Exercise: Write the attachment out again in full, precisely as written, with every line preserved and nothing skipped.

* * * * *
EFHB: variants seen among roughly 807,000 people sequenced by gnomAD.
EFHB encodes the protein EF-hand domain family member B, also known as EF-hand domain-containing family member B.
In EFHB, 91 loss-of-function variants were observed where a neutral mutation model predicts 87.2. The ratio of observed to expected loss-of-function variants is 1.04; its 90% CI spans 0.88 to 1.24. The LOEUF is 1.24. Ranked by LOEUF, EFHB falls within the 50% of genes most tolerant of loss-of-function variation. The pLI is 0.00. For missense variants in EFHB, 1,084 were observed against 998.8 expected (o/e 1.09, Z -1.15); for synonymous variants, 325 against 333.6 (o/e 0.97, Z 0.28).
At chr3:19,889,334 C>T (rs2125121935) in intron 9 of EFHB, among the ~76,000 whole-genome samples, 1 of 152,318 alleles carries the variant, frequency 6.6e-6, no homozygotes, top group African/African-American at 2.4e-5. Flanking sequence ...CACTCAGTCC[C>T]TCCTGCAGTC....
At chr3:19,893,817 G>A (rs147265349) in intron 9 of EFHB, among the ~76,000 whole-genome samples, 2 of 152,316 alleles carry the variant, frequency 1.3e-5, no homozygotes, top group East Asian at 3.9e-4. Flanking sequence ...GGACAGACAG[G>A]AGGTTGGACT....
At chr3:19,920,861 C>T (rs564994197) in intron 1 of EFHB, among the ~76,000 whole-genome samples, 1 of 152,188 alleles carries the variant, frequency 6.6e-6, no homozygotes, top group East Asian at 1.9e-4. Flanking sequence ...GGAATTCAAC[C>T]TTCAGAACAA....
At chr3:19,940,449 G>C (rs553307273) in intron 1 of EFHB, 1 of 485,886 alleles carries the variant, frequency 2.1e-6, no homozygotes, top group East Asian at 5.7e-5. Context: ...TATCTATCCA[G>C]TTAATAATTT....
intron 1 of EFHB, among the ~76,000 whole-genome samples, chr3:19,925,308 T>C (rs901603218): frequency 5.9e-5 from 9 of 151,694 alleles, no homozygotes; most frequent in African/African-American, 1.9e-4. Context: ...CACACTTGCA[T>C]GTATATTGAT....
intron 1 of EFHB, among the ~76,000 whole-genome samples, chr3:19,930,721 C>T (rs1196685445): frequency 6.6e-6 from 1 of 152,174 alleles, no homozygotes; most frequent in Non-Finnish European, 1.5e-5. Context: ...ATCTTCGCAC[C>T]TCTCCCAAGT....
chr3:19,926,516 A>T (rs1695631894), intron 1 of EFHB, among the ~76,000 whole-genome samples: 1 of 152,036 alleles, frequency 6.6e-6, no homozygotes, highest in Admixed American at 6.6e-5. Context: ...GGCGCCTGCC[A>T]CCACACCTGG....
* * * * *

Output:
EFHB: variants seen among roughly 807,000 people sequenced by gnomAD.
EFHB encodes the protein EF-hand domain family member B, also known as EF-hand domain-containing family member B.
In EFHB, 91 loss-of-function variants were observed where a neutral mutation model predicts 87.2. The ratio of observed to expected loss-of-function variants is 1.04; its 90% CI spans 0.88 to 1.24. The LOEUF is 1.24. Ranked by LOEUF, EFHB falls within the 50% of genes most tolerant of loss-of-function variation. The pLI is 0.00. For missense variants in EFHB, 1,084 were observed against 998.8 expected (o/e 1.09, Z -1.15); for synonymous variants, 325 against 333.6 (o/e 0.97, Z 0.28).
At chr3:19,889,334 C>T (rs2125121935) in intron 9 of EFHB, among the ~76,000 whole-genome samples, 1 of 152,318 alleles carries the variant, frequency 6.6e-6, no homozygotes, top group African/African-American at 2.4e-5. Flanking sequence ...CACTCAGTCC[C>T]TCCTGCAGTC....
At chr3:19,893,817 G>A (rs147265349) in intron 9 of EFHB, among the ~76,000 whole-genome samples, 2 of 152,316 alleles carry the variant, frequency 1.3e-5, no homozygotes, top group East Asian at 3.9e-4. Flanking sequence ...GGACAGACAG[G>A]AGGTTGGACT....
At chr3:19,920,861 C>T (rs564994197) in intron 1 of EFHB, among the ~76,000 whole-genome samples, 1 of 152,188 alleles carries the variant, frequency 6.6e-6, no homozygotes, top group East Asian at 1.9e-4. Flanking sequence ...GGAATTCAAC[C>T]TTCAGAACAA....
At chr3:19,940,449 G>C (rs553307273) in intron 1 of EFHB, 1 of 485,886 alleles carries the variant, frequency 2.1e-6, no homozygotes, top group East Asian at 5.7e-5. Context: ...TATCTATCCA[G>C]TTAATAATTT....
intron 1 of EFHB, among the ~76,000 whole-genome samples, chr3:19,925,308 T>C (rs901603218): frequency 5.9e-5 from 9 of 151,694 alleles, no homozygotes; most frequent in African/African-American, 1.9e-4. Context: ...CACACTTGCA[T>C]GTATATTGAT....
intron 1 of EFHB, among the ~76,000 whole-genome samples, chr3:19,930,721 C>T (rs1196685445): frequency 6.6e-6 from 1 of 152,174 alleles, no homozygotes; most frequent in Non-Finnish European, 1.5e-5. Context: ...ATCTTCGCAC[C>T]TCTCCCAAGT....
chr3:19,926,516 A>T (rs1695631894), intron 1 of EFHB, among the ~76,000 whole-genome samples: 1 of 152,036 alleles, frequency 6.6e-6, no homozygotes, highest in Admixed American at 6.6e-5. Context: ...GGCGCCTGCC[A>T]CCACACCTGG....